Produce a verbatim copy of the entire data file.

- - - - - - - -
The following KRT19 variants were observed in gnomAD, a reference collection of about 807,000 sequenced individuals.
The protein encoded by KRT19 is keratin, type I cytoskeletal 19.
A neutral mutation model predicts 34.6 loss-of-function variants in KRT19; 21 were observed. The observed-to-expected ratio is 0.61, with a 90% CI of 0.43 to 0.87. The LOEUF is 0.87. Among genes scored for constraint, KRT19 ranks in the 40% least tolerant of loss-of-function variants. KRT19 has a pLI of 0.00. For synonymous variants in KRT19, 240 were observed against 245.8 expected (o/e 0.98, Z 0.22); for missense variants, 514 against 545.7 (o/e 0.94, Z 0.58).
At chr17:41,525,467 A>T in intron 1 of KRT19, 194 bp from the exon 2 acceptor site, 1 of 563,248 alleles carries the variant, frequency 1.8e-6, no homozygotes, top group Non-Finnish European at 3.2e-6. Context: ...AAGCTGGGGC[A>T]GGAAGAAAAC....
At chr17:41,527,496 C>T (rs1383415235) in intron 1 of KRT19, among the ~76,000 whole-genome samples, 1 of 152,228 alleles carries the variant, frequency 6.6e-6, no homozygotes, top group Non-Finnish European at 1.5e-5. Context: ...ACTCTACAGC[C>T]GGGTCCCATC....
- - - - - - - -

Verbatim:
The following KRT19 variants were observed in gnomAD, a reference collection of about 807,000 sequenced individuals.
The protein encoded by KRT19 is keratin, type I cytoskeletal 19.
A neutral mutation model predicts 34.6 loss-of-function variants in KRT19; 21 were observed. The observed-to-expected ratio is 0.61, with a 90% CI of 0.43 to 0.87. The LOEUF is 0.87. Among genes scored for constraint, KRT19 ranks in the 40% least tolerant of loss-of-function variants. KRT19 has a pLI of 0.00. For synonymous variants in KRT19, 240 were observed against 245.8 expected (o/e 0.98, Z 0.22); for missense variants, 514 against 545.7 (o/e 0.94, Z 0.58).
At chr17:41,525,467 A>T in intron 1 of KRT19, 194 bp from the exon 2 acceptor site, 1 of 563,248 alleles carries the variant, frequency 1.8e-6, no homozygotes, top group Non-Finnish European at 3.2e-6. Context: ...AAGCTGGGGC[A>T]GGAAGAAAAC....
At chr17:41,527,496 C>T (rs1383415235) in intron 1 of KRT19, among the ~76,000 whole-genome samples, 1 of 152,228 alleles carries the variant, frequency 6.6e-6, no homozygotes, top group Non-Finnish European at 1.5e-5. Context: ...ACTCTACAGC[C>T]GGGTCCCATC....